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WORK: A Journal of Prevention, Assessment & Rehabilitation is an interdisciplinary, international journal which publishes high quality peer-reviewed manuscripts covering the entire scope of the occupation of work. The journal's subtitle has been deliberately laid out: The first goal is the prevention of illness, injury, and disability. When this goal is not achievable, the attention focuses on assessment to design client-centered intervention, rehabilitation, treatment, or controls that use scientific evidence to support best practice.
WORK occasionally publishes thematic issues, but in general, issues cover a wide range of topics such as ergonomic considerations with children, youth and students, the challenges facing an aging workforce, workplace violence, injury management, performing artists, ergonomic product evaluations, and the awareness of the political, cultural, and environmental determinants of health related to work.
Dr. Karen Jacobs, the founding editor, and her editorial board especially encourage the publication of research studies, clinical practice, case study reports, as well as personal narratives and critical reflections of lived work experiences (autoethnographic/autobiographic scholarship),
Sounding Board commentaries and
Speaking of Research articles which provide the foundation for better understanding research to facilitate knowledge dissemination.
Narrative Reflections on Occupational Transitions, a new column, is for persons who have successfully transitioned into, between, or out of occupations to tell their stories in a narrative form. With an internationally renowned editorial board,
WORK maintains high standards in the evaluation and publication of manuscripts. All manuscripts are reviewed expeditiously and published in a timely manner.
WORK prides itself on being an author-friendly journal.
WORK celebrates its 25th anniversary in 2015.
*WORK is affiliated with the Canadian Association of Occupational Therapists (CAOT)* *WORK is endorsed by the International Ergonomics Association (IEA)* *WORK gives out the yearly Cheryl Bennett Best Paper Award*
Abstract: This study examines the identity cues that family caregivers and healthcare personnel use with seniors living with dementia and living in nursing homes. The identity cues represent biographical knowledge used to stimulate the dementia sufferer, trigger signals and incite interaction. Our grounded approach hinges on three objectives: to identify and categorize identity cues; to document their uses; and to gain a better understanding of their effectiveness. We interviewed nine family caregivers and 12 healthcare…workers. Qualitative data indicates that the participants use identity cues that evoke seniors' sociological, relational and individual characteristics. These identity cues play a central role in communication and constitute important information that the family caregivers can share with healthcare personnel. They sustain memory, facilitate care and reinforce seniors' self-value. These results help to define identity, foster a greater role for family caregivers, and constitute a sound basis for the implementation of personalized interventions.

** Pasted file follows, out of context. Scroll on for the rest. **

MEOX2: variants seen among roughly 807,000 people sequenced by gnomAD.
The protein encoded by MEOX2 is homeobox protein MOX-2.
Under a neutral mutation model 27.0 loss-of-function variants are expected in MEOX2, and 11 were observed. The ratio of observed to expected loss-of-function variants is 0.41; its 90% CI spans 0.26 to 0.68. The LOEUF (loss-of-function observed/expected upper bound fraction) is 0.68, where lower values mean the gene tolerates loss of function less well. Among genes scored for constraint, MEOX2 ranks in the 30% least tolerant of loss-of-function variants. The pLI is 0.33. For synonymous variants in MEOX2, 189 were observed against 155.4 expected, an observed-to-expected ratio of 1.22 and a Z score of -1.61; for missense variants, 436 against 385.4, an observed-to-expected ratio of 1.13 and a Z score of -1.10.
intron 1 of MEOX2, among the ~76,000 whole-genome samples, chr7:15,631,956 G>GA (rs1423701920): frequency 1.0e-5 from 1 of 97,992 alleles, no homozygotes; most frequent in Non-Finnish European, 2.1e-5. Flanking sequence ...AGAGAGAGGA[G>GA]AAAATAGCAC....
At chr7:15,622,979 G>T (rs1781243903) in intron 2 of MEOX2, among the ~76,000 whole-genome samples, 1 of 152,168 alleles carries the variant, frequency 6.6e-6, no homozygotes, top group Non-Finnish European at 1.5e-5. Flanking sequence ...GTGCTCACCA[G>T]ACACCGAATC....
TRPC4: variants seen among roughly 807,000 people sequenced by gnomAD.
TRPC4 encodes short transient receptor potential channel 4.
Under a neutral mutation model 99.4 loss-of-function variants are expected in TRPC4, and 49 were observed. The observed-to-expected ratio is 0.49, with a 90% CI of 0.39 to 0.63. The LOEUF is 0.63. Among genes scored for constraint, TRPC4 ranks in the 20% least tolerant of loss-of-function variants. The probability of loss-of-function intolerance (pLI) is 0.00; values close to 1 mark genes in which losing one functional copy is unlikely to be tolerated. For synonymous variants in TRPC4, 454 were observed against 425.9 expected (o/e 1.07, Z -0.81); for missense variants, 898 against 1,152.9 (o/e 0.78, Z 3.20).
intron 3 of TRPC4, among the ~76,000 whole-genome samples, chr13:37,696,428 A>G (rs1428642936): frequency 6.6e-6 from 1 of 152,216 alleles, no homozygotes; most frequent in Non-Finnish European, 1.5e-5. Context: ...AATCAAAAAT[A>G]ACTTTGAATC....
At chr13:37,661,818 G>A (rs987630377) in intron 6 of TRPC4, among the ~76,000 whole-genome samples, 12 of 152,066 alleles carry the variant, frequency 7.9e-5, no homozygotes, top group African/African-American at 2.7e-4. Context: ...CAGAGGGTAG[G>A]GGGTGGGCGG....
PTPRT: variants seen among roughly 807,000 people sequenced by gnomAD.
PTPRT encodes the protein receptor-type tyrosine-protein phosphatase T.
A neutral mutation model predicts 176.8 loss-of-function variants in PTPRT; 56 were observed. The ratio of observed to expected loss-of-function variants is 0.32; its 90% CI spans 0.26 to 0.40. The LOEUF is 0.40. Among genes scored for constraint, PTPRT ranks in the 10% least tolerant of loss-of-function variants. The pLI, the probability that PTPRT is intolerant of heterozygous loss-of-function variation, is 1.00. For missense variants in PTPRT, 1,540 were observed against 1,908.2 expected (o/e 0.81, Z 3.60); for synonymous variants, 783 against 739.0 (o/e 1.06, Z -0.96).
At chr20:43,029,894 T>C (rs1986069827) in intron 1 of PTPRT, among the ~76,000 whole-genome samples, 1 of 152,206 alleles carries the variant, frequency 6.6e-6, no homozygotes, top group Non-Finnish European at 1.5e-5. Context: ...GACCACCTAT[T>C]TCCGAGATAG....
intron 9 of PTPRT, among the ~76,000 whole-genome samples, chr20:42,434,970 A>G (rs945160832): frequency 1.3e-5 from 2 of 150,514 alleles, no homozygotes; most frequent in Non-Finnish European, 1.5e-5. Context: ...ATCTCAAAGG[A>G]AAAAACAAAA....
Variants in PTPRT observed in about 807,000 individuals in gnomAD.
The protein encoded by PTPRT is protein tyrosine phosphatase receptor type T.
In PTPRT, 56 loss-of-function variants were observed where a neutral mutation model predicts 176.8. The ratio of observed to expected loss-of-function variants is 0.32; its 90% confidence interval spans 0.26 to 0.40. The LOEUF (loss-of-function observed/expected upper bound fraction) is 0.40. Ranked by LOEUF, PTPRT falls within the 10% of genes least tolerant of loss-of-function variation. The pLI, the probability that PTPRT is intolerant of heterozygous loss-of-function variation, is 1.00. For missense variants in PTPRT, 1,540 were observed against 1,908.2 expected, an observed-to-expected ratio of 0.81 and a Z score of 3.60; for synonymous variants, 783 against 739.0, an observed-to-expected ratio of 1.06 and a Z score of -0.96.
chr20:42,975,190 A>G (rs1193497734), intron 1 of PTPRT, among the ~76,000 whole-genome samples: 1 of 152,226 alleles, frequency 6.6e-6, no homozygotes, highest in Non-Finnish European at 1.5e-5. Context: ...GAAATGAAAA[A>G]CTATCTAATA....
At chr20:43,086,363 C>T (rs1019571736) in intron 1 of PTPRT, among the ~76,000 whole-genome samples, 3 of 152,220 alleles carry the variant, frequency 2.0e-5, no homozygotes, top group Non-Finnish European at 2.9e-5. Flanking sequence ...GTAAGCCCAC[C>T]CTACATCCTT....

Keywords: Dementia, family caregiver, healthcare personnel, identity cues, nursing home
Abstract: As the average age of the Canadian population continues to increase, and providing care at home to frail older adults becomes ever more prevalent, support for family and friend caregivers remains a key social policy issue. Economic support is an important consideration given the impact of caregiving on labour force participation. Yet the caregiving/paid work relationship is not always straightforward. While caregiving often restricts employment, limited attachment to employment may also influence the decision to provide…care. Isabel's story, collected as part of a study of sibling views of fairness in sharing parent care as well as parent assets, provides a case study in how siblings give different priority to care work versus career work and what support needs arise including those related to sibling conflict over differing priorities. Isabel claims she sacrificed her career to care for her ailing mother while her siblings argue that through caregiving, Isabel was sheltered from the paid workforce.
Keywords: Parent care, care work, labour force participation, siblings, conflict, asset distribution
Abstract: Objective: This paper is a synthesis of research on recruitment and retention challenges for home support workers (HSWs) in Canada. Participants: Home support workers (HSWs) provide needed support with personal care and daily activities to older persons living in the community. Methods: Literature (peer reviewed, government, and non-government documents) published in the past decade was collected from systematic data base searches between January and September 2009, and yielded over 100 references relevant to home care human…resources for older Canadians. Results: Four key human resource issues affecting HSWs were identified: compensation, education and training, quality assurance, and working conditions. To increase the workforce and retain skilled employees, employers can tailor their marketing strategies to specific groups, make improvements in work environment, and learn about what workers value and what attracts them to home support work. Conclusions: Understanding these HR issues for HSWs will improve recruitment and retention strategies for this workforce by helping agencies to target their limited resources. Given the projected increase in demand for these workers, preparations need to begin now and consider long-term strategies involving multiple policy areas, such as health and social care, employment, education, and immigration.
Keywords: Home care, recruitment and retention, compensation, working conditions